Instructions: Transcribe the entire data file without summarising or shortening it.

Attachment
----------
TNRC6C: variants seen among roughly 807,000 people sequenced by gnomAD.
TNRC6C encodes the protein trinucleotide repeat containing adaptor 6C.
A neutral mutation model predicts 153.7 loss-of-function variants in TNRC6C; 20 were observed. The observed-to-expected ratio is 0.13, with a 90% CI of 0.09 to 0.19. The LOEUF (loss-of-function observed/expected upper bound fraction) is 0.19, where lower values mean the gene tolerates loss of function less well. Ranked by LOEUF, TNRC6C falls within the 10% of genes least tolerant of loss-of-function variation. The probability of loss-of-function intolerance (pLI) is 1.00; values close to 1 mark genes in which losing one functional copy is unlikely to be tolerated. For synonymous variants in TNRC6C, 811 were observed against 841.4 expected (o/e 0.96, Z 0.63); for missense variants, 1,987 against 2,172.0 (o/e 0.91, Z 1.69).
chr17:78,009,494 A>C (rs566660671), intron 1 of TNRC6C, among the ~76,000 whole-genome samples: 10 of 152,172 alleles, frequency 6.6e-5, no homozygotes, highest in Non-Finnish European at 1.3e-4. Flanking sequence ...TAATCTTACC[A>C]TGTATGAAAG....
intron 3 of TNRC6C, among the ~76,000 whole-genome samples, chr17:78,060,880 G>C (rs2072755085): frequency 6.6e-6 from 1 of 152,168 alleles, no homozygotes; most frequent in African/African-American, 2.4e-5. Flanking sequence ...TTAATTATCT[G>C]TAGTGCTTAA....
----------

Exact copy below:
TNRC6C: variants seen among roughly 807,000 people sequenced by gnomAD.
TNRC6C encodes the protein trinucleotide repeat containing adaptor 6C.
A neutral mutation model predicts 153.7 loss-of-function variants in TNRC6C; 20 were observed. The observed-to-expected ratio is 0.13, with a 90% CI of 0.09 to 0.19. The LOEUF (loss-of-function observed/expected upper bound fraction) is 0.19, where lower values mean the gene tolerates loss of function less well. Ranked by LOEUF, TNRC6C falls within the 10% of genes least tolerant of loss-of-function variation. The probability of loss-of-function intolerance (pLI) is 1.00; values close to 1 mark genes in which losing one functional copy is unlikely to be tolerated. For synonymous variants in TNRC6C, 811 were observed against 841.4 expected (o/e 0.96, Z 0.63); for missense variants, 1,987 against 2,172.0 (o/e 0.91, Z 1.69).
chr17:78,009,494 A>C (rs566660671), intron 1 of TNRC6C, among the ~76,000 whole-genome samples: 10 of 152,172 alleles, frequency 6.6e-5, no homozygotes, highest in Non-Finnish European at 1.3e-4. Flanking sequence ...TAATCTTACC[A>C]TGTATGAAAG....
intron 3 of TNRC6C, among the ~76,000 whole-genome samples, chr17:78,060,880 G>C (rs2072755085): frequency 6.6e-6 from 1 of 152,168 alleles, no homozygotes; most frequent in African/African-American, 2.4e-5. Flanking sequence ...TTAATTATCT[G>C]TAGTGCTTAA....